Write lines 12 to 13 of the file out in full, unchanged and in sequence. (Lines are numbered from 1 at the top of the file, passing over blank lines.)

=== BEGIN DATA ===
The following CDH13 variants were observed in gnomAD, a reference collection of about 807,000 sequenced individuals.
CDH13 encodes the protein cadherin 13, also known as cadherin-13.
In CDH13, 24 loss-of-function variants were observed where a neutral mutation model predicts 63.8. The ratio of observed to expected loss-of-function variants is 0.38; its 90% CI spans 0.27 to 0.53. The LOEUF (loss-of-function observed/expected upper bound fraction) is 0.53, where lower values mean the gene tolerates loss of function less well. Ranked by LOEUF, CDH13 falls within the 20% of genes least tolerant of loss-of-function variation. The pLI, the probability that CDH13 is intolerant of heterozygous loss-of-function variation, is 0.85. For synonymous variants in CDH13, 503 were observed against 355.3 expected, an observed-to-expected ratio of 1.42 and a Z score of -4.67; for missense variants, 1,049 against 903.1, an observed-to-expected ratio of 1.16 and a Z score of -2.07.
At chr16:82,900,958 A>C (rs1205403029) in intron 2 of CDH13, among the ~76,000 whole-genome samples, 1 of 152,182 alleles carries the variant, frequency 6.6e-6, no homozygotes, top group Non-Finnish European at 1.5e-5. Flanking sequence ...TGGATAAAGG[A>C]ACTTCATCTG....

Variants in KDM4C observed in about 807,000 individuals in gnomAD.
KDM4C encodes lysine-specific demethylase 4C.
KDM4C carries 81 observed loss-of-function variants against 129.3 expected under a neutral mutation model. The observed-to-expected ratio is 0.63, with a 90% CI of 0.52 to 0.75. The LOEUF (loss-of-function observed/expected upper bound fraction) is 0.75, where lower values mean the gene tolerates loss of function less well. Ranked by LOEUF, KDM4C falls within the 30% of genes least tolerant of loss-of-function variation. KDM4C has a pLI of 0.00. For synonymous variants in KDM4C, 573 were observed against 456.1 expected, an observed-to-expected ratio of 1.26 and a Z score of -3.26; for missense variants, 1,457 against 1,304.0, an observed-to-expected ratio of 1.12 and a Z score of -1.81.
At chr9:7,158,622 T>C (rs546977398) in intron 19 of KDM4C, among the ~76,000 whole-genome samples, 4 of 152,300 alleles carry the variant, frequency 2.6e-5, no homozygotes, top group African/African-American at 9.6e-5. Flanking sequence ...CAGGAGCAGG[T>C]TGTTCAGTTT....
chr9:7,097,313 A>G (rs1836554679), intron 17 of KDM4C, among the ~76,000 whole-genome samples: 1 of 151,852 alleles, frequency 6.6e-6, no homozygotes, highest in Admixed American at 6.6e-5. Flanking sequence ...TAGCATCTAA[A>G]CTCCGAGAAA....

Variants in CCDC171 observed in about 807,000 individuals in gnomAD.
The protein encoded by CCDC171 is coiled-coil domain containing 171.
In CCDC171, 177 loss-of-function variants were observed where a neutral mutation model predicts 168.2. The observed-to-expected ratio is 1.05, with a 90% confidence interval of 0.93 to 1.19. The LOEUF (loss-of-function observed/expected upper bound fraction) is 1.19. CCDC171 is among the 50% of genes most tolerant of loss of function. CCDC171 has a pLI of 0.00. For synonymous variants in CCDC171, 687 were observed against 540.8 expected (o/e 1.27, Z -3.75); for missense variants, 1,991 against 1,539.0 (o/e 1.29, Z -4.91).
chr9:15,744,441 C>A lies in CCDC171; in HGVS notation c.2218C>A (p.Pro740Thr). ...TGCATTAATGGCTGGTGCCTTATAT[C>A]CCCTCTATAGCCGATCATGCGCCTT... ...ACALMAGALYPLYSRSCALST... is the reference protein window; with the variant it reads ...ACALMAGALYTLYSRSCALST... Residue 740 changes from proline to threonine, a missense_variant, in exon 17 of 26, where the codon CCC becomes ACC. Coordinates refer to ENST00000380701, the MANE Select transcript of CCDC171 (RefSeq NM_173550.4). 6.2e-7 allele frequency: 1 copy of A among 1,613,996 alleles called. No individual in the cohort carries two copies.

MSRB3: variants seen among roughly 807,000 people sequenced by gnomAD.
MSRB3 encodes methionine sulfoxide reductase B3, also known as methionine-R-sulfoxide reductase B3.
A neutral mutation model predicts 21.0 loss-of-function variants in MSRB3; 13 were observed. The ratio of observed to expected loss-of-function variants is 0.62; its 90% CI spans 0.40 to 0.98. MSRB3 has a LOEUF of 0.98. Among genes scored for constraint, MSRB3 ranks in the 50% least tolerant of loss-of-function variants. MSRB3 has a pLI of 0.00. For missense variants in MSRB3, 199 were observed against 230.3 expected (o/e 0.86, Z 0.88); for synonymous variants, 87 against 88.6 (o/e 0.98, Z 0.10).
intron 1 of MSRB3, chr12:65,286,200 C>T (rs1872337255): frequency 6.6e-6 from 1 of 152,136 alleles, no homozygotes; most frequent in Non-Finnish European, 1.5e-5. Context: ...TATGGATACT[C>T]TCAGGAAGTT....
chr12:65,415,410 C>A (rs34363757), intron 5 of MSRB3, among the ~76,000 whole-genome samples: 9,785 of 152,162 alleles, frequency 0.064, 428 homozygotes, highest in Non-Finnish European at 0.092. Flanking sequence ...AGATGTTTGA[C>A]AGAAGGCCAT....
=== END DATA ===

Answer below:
In CCDC171, 177 loss-of-function variants were observed where a neutral mutation model predicts 168.2. The observed-to-expected ratio is 1.05, with a 90% confidence interval of 0.93 to 1.19. The LOEUF (loss-of-function observed/expected upper bound fraction) is 1.19. CCDC171 is among the 50% of genes most tolerant of loss of function. CCDC171 has a pLI of 0.00. For synonymous variants in CCDC171, 687 were observed against 540.8 expected (o/e 1.27, Z -3.75); for missense variants, 1,991 against 1,539.0 (o/e 1.29, Z -4.91).
chr9:15,744,441 C>A lies in CCDC171; in HGVS notation c.2218C>A (p.Pro740Thr). ...TGCATTAATGGCTGGTGCCTTATAT[C>A]CCCTCTATAGCCGATCATGCGCCTT... ...ACALMAGALYPLYSRSCALST... is the reference protein window; with the variant it reads ...ACALMAGALYTLYSRSCALST... Residue 740 changes from proline to threonine, a missense_variant, in exon 17 of 26, where the codon CCC becomes ACC. Coordinates refer to ENST00000380701, the MANE Select transcript of CCDC171 (RefSeq NM_173550.4). 6.2e-7 allele frequency: 1 copy of A among 1,613,996 alleles called. No individual in the cohort carries two copies.